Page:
I gather that this is a fairly common story and a bit of a problem for employers, who obviously don’t want to hire and train an employee, only to immediately have to subsidize her pregnancy and fill her spot with a temp, and then after all that to have her move right along and need to repeat the process. The problem here is that employers begin to turn the gimlet eye on all female applicants of a certain age who might present a risk of doing something similar.

That’s where labor law comes into it. For example, employers can’t just ask someone in an interview whether she’s planning on having kids. That would be discriminatory. If a woman thought she didn’t get a job (or lost a job or was passed over for promotion) because she might get pregnant, she would probably have grounds for a lawsuit. Nonetheless, women are often scared that exactly this sort of discrimination will occur and they won’t be able to detect it or prevent it. I don’t doubt that this fear is quite reasonable.

The thing is this: I think businesses would be less likely to discriminate against women in general, or married or cohabiting women aged 23-36 in particular, if they could be assured there is less of a likelihood of someone pulling a Shirley on them. Some ruthless companies might prefer never to hire women because of the risk that they may have to pay a maternity benefit, but I think they’re the exception. Most companies will, I think, gladly hire talented women and won’t mind paying out maternity benefts and letting them raise a family, as long as the company gets a reasonable return on their investment in the form of a few years of loyal service. But they gotta watch out for Shirley. And so Shirley, by cashing in on the system, adds a drop of poison to the well for all other women with careers.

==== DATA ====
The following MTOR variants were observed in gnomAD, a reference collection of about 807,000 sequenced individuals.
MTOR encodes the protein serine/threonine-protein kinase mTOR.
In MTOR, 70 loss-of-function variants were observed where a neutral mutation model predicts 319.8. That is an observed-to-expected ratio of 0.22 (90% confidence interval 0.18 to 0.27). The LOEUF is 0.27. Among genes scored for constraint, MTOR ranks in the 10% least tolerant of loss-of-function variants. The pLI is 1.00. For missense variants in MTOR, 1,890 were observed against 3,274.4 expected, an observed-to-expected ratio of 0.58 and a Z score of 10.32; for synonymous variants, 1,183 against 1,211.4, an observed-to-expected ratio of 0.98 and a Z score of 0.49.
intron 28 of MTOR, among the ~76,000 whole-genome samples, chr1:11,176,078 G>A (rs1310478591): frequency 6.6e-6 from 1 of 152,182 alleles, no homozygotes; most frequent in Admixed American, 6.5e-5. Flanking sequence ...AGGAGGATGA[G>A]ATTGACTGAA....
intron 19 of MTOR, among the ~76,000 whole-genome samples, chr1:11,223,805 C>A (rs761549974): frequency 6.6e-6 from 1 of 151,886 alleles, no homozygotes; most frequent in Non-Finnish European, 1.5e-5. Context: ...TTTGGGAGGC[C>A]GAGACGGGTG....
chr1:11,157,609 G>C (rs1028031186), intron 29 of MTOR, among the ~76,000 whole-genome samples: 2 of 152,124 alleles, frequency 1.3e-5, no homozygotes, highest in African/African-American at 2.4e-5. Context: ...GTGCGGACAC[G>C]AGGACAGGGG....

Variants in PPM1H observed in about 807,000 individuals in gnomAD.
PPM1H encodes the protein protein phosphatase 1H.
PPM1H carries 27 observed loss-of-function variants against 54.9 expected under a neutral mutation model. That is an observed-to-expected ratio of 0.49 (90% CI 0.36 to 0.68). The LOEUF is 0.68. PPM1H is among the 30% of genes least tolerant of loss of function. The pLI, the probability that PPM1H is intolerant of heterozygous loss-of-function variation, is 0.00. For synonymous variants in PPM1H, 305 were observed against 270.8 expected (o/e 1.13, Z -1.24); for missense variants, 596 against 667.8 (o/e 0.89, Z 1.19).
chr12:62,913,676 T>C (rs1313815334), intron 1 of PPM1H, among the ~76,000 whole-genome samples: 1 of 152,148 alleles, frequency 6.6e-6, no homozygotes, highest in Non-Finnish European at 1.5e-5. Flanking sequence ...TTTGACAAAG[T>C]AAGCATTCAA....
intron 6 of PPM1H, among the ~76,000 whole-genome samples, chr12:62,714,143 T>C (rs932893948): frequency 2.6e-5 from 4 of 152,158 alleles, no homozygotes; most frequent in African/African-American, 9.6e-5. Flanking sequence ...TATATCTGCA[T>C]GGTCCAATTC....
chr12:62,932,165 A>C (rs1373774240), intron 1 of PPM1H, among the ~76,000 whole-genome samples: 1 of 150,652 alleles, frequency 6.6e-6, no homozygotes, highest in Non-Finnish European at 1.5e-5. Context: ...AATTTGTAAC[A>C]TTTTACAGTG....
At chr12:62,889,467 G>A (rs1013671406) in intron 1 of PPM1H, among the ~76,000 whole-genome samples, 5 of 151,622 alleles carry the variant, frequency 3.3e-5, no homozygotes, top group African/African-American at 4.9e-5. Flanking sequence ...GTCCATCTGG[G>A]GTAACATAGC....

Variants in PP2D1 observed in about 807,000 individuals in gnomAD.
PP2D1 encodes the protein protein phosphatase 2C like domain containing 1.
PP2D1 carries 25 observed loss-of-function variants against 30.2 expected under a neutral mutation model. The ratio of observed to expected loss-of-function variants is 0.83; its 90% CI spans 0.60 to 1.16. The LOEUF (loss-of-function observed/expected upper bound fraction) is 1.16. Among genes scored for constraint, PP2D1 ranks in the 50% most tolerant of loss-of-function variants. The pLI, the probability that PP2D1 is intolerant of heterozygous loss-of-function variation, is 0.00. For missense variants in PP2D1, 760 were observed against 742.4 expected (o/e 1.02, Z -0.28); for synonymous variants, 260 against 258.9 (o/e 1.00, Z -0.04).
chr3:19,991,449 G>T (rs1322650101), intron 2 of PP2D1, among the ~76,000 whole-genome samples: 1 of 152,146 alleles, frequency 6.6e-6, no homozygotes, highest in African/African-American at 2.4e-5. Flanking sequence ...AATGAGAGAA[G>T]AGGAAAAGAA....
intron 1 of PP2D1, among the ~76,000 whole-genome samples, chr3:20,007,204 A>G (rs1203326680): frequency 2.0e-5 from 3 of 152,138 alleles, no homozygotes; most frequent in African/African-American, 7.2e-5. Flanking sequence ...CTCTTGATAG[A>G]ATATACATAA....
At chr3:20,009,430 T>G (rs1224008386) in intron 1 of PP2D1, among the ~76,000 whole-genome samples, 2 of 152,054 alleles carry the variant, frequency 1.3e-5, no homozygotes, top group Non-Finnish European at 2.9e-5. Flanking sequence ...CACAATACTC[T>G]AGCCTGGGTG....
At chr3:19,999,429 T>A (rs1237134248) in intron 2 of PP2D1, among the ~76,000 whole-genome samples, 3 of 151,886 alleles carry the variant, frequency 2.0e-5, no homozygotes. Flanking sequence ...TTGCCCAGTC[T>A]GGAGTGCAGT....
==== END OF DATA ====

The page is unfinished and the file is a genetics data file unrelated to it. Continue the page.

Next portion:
It’s a ‘tragedy of the commons’ problem for women. There exists a perverse incentive for individuals to do what Shirley did, even though it’s against the interests of women as a group.

I’m not sure that there’s anything particularly original in my analysis up to this point. But like Pat O’Brien said, “This is all new to me; I don’t do this for a living.” I’m curious about this tension between a woman’s short-term interests and women’s long-term interests. It seems that there ought to exist a strong social sanction among women, or at least among career-oriented women, against doing what Shirley did. If there is such disapproval, though, I haven’t really heard of it. Why not? Seems like it ought to be an affront to Sisterhood or feminine solidarity or some such. There ought to be an amusing, snarky nickname for people who exploit maternity benefits, because “pulling a Shirley” just isn’t going to catch on. Well, here’s your chance to invent one, if you’re so inclined, and leave it in the comments. (more…)

« Previous PageNext Page »

Powered by WordPress.

Page loaded in: 0.2026 secs.